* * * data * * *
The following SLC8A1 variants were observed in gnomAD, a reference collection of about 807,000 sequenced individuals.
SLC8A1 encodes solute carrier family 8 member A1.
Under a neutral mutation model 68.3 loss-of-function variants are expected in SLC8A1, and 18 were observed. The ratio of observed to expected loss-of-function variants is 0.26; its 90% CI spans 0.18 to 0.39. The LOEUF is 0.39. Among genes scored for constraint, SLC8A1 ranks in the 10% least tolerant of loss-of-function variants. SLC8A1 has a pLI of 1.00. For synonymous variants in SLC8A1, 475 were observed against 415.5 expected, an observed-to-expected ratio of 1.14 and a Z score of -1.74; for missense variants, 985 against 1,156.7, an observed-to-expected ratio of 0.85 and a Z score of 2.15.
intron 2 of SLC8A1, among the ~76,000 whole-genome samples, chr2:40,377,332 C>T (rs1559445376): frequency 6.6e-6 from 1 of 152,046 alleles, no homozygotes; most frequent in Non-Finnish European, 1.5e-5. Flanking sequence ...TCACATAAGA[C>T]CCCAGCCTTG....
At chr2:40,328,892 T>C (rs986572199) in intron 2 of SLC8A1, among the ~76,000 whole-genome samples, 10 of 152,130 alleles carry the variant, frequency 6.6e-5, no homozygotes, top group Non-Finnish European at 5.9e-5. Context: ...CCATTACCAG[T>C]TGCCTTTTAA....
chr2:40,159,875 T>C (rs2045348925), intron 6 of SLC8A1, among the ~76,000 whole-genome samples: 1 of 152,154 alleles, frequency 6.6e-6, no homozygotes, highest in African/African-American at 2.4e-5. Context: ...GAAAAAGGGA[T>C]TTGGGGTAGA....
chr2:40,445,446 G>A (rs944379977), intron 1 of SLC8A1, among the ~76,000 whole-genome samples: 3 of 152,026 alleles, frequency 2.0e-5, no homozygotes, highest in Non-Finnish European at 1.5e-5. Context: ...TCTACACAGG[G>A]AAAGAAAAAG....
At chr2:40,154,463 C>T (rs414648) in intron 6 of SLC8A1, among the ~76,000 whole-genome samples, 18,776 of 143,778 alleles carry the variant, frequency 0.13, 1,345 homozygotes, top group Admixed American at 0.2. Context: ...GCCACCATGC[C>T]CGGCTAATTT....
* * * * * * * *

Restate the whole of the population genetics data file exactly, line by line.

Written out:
The following SLC8A1 variants were observed in gnomAD, a reference collection of about 807,000 sequenced individuals.
SLC8A1 encodes solute carrier family 8 member A1.
Under a neutral mutation model 68.3 loss-of-function variants are expected in SLC8A1, and 18 were observed. The ratio of observed to expected loss-of-function variants is 0.26; its 90% CI spans 0.18 to 0.39. The LOEUF is 0.39. Among genes scored for constraint, SLC8A1 ranks in the 10% least tolerant of loss-of-function variants. SLC8A1 has a pLI of 1.00. For synonymous variants in SLC8A1, 475 were observed against 415.5 expected, an observed-to-expected ratio of 1.14 and a Z score of -1.74; for missense variants, 985 against 1,156.7, an observed-to-expected ratio of 0.85 and a Z score of 2.15.
intron 2 of SLC8A1, among the ~76,000 whole-genome samples, chr2:40,377,332 C>T (rs1559445376): frequency 6.6e-6 from 1 of 152,046 alleles, no homozygotes; most frequent in Non-Finnish European, 1.5e-5. Flanking sequence ...TCACATAAGA[C>T]CCCAGCCTTG....
At chr2:40,328,892 T>C (rs986572199) in intron 2 of SLC8A1, among the ~76,000 whole-genome samples, 10 of 152,130 alleles carry the variant, frequency 6.6e-5, no homozygotes, top group Non-Finnish European at 5.9e-5. Context: ...CCATTACCAG[T>C]TGCCTTTTAA....
chr2:40,159,875 T>C (rs2045348925), intron 6 of SLC8A1, among the ~76,000 whole-genome samples: 1 of 152,154 alleles, frequency 6.6e-6, no homozygotes, highest in African/African-American at 2.4e-5. Context: ...GAAAAAGGGA[T>C]TTGGGGTAGA....
chr2:40,445,446 G>A (rs944379977), intron 1 of SLC8A1, among the ~76,000 whole-genome samples: 3 of 152,026 alleles, frequency 2.0e-5, no homozygotes, highest in Non-Finnish European at 1.5e-5. Context: ...TCTACACAGG[G>A]AAAGAAAAAG....
At chr2:40,154,463 C>T (rs414648) in intron 6 of SLC8A1, among the ~76,000 whole-genome samples, 18,776 of 143,778 alleles carry the variant, frequency 0.13, 1,345 homozygotes, top group Admixed American at 0.2. Context: ...GCCACCATGC[C>T]CGGCTAATTT....